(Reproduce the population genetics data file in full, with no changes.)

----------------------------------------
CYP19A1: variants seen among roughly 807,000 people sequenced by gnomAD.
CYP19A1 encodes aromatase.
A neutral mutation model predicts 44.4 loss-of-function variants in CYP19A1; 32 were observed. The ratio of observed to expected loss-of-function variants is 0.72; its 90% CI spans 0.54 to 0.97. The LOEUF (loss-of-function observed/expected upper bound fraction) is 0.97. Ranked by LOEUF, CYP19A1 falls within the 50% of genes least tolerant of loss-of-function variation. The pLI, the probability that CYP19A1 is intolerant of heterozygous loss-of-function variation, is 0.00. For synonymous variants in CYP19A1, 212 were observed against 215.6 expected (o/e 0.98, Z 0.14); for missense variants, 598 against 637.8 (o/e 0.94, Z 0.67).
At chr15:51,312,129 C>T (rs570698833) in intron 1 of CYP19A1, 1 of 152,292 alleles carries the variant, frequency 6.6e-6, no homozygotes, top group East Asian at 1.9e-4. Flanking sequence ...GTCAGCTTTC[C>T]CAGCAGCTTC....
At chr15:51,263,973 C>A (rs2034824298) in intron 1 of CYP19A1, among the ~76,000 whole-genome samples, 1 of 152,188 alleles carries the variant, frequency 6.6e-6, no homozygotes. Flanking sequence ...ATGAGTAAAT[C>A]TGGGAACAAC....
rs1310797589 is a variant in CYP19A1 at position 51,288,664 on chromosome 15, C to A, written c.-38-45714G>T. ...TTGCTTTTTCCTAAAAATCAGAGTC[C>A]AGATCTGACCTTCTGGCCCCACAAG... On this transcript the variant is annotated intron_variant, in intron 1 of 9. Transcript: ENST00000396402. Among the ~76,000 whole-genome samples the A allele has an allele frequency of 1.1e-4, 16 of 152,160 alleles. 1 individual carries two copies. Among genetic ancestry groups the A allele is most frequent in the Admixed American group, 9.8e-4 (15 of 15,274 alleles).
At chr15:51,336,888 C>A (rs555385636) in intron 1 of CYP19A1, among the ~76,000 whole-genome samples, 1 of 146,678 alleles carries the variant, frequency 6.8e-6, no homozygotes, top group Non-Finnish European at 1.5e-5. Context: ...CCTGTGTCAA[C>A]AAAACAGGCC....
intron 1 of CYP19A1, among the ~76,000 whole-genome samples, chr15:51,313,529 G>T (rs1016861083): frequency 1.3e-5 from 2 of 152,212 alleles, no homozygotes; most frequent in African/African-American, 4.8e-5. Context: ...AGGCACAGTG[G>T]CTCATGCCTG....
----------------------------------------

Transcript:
CYP19A1: variants seen among roughly 807,000 people sequenced by gnomAD.
CYP19A1 encodes aromatase.
A neutral mutation model predicts 44.4 loss-of-function variants in CYP19A1; 32 were observed. The ratio of observed to expected loss-of-function variants is 0.72; its 90% CI spans 0.54 to 0.97. The LOEUF (loss-of-function observed/expected upper bound fraction) is 0.97. Ranked by LOEUF, CYP19A1 falls within the 50% of genes least tolerant of loss-of-function variation. The pLI, the probability that CYP19A1 is intolerant of heterozygous loss-of-function variation, is 0.00. For synonymous variants in CYP19A1, 212 were observed against 215.6 expected (o/e 0.98, Z 0.14); for missense variants, 598 against 637.8 (o/e 0.94, Z 0.67).
At chr15:51,312,129 C>T (rs570698833) in intron 1 of CYP19A1, 1 of 152,292 alleles carries the variant, frequency 6.6e-6, no homozygotes, top group East Asian at 1.9e-4. Flanking sequence ...GTCAGCTTTC[C>T]CAGCAGCTTC....
At chr15:51,263,973 C>A (rs2034824298) in intron 1 of CYP19A1, among the ~76,000 whole-genome samples, 1 of 152,188 alleles carries the variant, frequency 6.6e-6, no homozygotes. Flanking sequence ...ATGAGTAAAT[C>A]TGGGAACAAC....
rs1310797589 is a variant in CYP19A1 at position 51,288,664 on chromosome 15, C to A, written c.-38-45714G>T. ...TTGCTTTTTCCTAAAAATCAGAGTC[C>A]AGATCTGACCTTCTGGCCCCACAAG... On this transcript the variant is annotated intron_variant, in intron 1 of 9. Transcript: ENST00000396402. Among the ~76,000 whole-genome samples the A allele has an allele frequency of 1.1e-4, 16 of 152,160 alleles. 1 individual carries two copies. Among genetic ancestry groups the A allele is most frequent in the Admixed American group, 9.8e-4 (15 of 15,274 alleles).
At chr15:51,336,888 C>A (rs555385636) in intron 1 of CYP19A1, among the ~76,000 whole-genome samples, 1 of 146,678 alleles carries the variant, frequency 6.8e-6, no homozygotes, top group Non-Finnish European at 1.5e-5. Context: ...CCTGTGTCAA[C>A]AAAACAGGCC....
intron 1 of CYP19A1, among the ~76,000 whole-genome samples, chr15:51,313,529 G>T (rs1016861083): frequency 1.3e-5 from 2 of 152,212 alleles, no homozygotes; most frequent in African/African-American, 4.8e-5. Context: ...AGGCACAGTG[G>T]CTCATGCCTG....